Employment Update, France - September 2008

03 September 2008

Chris Ivey

Legislation

The Law on the Modernisation of the Labour Market

Background

Probationary periods
The Labour Code previously only provided a maximum probationary period for non management employees of 2 months, renewable once, merely indicating that the probationary periods for management employees should be defined by common practice. This common practice was generally understood to be limited to 3 months, renewable once.

Mutually agreed termination of employment contracts
The only previous options available to terminate employment contracts were dismissal, redundancy or resignation. Situations frequently arise where either or both parties are looking to separate, but the employee wants to benefit from unemployment coverage (which is not granted to those who resign) and the company does not have sufficient grounds to terminate.
The only satisfactory solution here would have been to go through the pretence of a dismissal procedure, settling after the event. If the grounds for termination did not comply with French legal requirements for "genuine and proper cause" the company would find itself at risk from claims from the employee until such time that a settlement could be executed (only possible after the termination letter has been notified to the employee, therefore leaving the employee the opportunity to dispute the grounds for termination before the courts).

New legislation

This law was definitively passed by Parliament on 12 June 2008 providing for a number of modifications to employment law in France, in particular extending the maximum duration of Labour Code probationary periods, increasing the Labour Code severance pay, and implementing the possibility for mutually agreed termination of employment contracts.

Probationary Periods
The new law has defined maximum notice periods as follows:

  • Blue collar employees: 2 months, renewable once;

  • Technicians, qualified blue collar employees and supervisors: 3 months, renewable once;

  • Managerial employees: 4 months, renewable once.

It should be noted however that any renewal must be expressly provided for in the employment contract.

Mutually agreed termination of employment contracts
The new law has introduced the possibility of termination by mutual agreement, under which the parties agree to terminate the relationship, subject to the payment of compensation from the company, at least as high as the severance pay the employee would have been entitled to in the event of termination, which is subject to the same social security and tax regime as if it were paid under a settlement agreement.

The parties must meet, discuss and reach an agreement on the termination, which must be reduced to writing. The parties are entitled to revoke the agreement within 15 days of its execution, the agreement then being ratified by the labour administration. Once ratified (or if the labour administration does not reply within 15 days), the termination will be considered to be immediately effective.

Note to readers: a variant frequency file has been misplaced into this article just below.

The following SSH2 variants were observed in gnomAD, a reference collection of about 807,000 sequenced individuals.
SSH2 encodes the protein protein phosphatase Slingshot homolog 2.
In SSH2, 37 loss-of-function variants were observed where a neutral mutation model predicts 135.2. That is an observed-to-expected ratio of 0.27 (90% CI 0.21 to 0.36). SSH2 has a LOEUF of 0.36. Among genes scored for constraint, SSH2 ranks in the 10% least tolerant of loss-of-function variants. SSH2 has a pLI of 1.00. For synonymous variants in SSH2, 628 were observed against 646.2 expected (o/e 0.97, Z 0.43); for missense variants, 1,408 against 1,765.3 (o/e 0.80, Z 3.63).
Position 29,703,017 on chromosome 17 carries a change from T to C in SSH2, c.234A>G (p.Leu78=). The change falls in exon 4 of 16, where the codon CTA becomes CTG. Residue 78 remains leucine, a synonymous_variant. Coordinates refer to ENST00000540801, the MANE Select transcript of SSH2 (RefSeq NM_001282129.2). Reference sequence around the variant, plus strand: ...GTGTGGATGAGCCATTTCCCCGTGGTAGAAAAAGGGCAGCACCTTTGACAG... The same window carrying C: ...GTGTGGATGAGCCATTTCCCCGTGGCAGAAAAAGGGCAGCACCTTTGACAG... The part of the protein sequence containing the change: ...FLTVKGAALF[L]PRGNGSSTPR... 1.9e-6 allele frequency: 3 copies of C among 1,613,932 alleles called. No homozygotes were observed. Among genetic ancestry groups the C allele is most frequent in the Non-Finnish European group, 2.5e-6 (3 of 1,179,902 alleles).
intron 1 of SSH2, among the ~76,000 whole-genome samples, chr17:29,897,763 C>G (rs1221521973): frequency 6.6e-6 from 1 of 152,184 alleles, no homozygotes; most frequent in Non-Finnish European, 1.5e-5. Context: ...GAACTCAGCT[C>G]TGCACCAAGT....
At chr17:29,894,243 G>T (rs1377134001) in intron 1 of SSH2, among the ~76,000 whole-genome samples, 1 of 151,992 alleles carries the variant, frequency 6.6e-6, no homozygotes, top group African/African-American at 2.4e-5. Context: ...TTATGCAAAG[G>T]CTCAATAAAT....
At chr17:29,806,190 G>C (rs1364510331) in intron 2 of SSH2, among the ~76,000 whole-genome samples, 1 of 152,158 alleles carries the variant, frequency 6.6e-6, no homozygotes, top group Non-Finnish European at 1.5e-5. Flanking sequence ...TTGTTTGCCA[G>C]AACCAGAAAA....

This option provides for more flexibility, enabling the parties to agree on the employee's termination, providing for compensation to the employee, without any payment in lieu of notice.

Termination indemnities increased for dismissals on personal grounds
The law has provided that termination indemnities are due to all employees after one year of service within the company, as opposed to two years as previously provided.

Furthermore, the termination indemnity has been brought in line with that for economic redundancies, i.e. 1/5 month's salary per year of service, plus 2/15 month's salary per year of service over 10 years.

Other provisions
The new law includes a number of other provisions, not least including the definitive repeal of the new hire contract, largely condemned by the courts in any case. All current new hire contracts in progress are therefore automatically transformed into indefinite term contracts.

Effect on Employers

Probationary Periods
It remains possible however for the employees' contracts and any applicable collective agreements executed after the date this law entered into force to provide for shorter probationary periods. Any collective bargaining agreements entered into prior to the date of the law will continue to apply indefinitely if they provide for longer probationary periods. However, where shorter periods are provided for, these shall cease to apply on 30 June 2009.

Mutually agreed termination of employment contracts
Whilst this would seem to be great news for companies looking to find an agreement with their employees over termination, there are a number of issues which should be taken into account.

In particular, it cannot be considered as a settlement agreement, in that the parties are still free to dispute its validity within 12 months following its execution. It is unclear as yet how this will be interpreted by the courts, but if invalid, the termination could be considered as null and void, could result in reinstatement, or possibly damages for unfair dismissal. In addition, the agreement does not in any way prevent the employee from claiming other sums related to the performance of the employment contract. It would of course be possible to enter into a settlement agreement following the mutually agreed termination, but this would appear to defeat the object of the termination agreement.